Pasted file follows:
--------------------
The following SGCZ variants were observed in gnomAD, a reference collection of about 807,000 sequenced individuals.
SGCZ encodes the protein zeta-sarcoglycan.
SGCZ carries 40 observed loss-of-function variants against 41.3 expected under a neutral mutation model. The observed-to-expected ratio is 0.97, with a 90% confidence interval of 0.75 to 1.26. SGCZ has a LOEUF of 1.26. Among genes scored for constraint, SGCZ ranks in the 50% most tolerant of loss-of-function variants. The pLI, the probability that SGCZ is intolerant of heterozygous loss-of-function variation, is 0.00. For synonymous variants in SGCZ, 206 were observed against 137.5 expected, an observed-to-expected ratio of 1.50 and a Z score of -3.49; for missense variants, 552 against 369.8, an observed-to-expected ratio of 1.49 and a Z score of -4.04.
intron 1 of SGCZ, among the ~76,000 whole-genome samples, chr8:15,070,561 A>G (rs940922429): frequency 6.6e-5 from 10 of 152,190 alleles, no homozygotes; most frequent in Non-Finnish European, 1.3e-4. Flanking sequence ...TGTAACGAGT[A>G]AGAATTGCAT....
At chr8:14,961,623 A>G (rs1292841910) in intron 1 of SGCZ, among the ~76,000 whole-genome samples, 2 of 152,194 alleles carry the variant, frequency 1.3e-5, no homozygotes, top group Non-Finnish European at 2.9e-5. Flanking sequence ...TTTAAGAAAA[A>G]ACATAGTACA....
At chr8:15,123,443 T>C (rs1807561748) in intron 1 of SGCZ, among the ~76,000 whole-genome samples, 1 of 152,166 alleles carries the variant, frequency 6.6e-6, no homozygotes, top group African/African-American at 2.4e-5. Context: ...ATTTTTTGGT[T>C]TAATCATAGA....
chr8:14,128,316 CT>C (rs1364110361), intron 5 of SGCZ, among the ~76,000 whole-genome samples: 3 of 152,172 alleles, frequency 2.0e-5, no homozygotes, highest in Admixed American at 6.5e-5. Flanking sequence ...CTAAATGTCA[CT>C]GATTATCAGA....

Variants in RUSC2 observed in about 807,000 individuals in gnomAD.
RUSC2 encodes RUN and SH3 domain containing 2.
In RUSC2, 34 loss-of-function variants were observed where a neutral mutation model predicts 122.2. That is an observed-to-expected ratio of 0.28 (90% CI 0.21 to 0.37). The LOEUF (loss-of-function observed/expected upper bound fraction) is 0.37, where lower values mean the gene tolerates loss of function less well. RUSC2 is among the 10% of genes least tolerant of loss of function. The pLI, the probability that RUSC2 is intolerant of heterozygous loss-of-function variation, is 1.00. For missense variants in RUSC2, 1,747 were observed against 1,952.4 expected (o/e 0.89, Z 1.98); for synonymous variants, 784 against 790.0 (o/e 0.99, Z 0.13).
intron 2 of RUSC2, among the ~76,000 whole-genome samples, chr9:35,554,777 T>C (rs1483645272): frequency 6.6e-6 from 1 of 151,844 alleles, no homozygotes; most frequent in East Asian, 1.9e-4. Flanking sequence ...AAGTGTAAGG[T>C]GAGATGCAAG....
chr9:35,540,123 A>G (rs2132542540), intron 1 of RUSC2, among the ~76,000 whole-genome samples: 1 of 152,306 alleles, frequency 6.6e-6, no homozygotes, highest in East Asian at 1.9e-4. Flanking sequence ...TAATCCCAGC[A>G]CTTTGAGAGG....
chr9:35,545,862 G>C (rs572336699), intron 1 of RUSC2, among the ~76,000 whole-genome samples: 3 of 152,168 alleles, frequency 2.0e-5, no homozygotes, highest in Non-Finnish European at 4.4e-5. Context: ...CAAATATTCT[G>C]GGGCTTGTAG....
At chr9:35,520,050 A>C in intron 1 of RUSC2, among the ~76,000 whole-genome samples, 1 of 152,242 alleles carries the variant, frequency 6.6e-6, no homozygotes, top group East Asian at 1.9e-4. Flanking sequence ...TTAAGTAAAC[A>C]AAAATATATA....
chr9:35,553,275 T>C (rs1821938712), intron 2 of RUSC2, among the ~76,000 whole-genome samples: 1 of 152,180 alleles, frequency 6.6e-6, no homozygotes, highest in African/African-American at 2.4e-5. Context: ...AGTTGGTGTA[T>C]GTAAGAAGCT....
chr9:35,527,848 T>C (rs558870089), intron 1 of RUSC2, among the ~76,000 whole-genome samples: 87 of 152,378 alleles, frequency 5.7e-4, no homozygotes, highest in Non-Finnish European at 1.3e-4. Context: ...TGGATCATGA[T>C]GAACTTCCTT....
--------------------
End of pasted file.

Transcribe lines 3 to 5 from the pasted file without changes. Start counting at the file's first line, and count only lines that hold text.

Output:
SGCZ carries 40 observed loss-of-function variants against 41.3 expected under a neutral mutation model. The observed-to-expected ratio is 0.97, with a 90% confidence interval of 0.75 to 1.26. SGCZ has a LOEUF of 1.26. Among genes scored for constraint, SGCZ ranks in the 50% most tolerant of loss-of-function variants. The pLI, the probability that SGCZ is intolerant of heterozygous loss-of-function variation, is 0.00. For synonymous variants in SGCZ, 206 were observed against 137.5 expected, an observed-to-expected ratio of 1.50 and a Z score of -3.49; for missense variants, 552 against 369.8, an observed-to-expected ratio of 1.49 and a Z score of -4.04.
intron 1 of SGCZ, among the ~76,000 whole-genome samples, chr8:15,070,561 A>G (rs940922429): frequency 6.6e-5 from 10 of 152,190 alleles, no homozygotes; most frequent in Non-Finnish European, 1.3e-4. Flanking sequence ...TGTAACGAGT[A>G]AGAATTGCAT....
At chr8:14,961,623 A>G (rs1292841910) in intron 1 of SGCZ, among the ~76,000 whole-genome samples, 2 of 152,194 alleles carry the variant, frequency 1.3e-5, no homozygotes, top group Non-Finnish European at 2.9e-5. Flanking sequence ...TTTAAGAAAA[A>G]ACATAGTACA....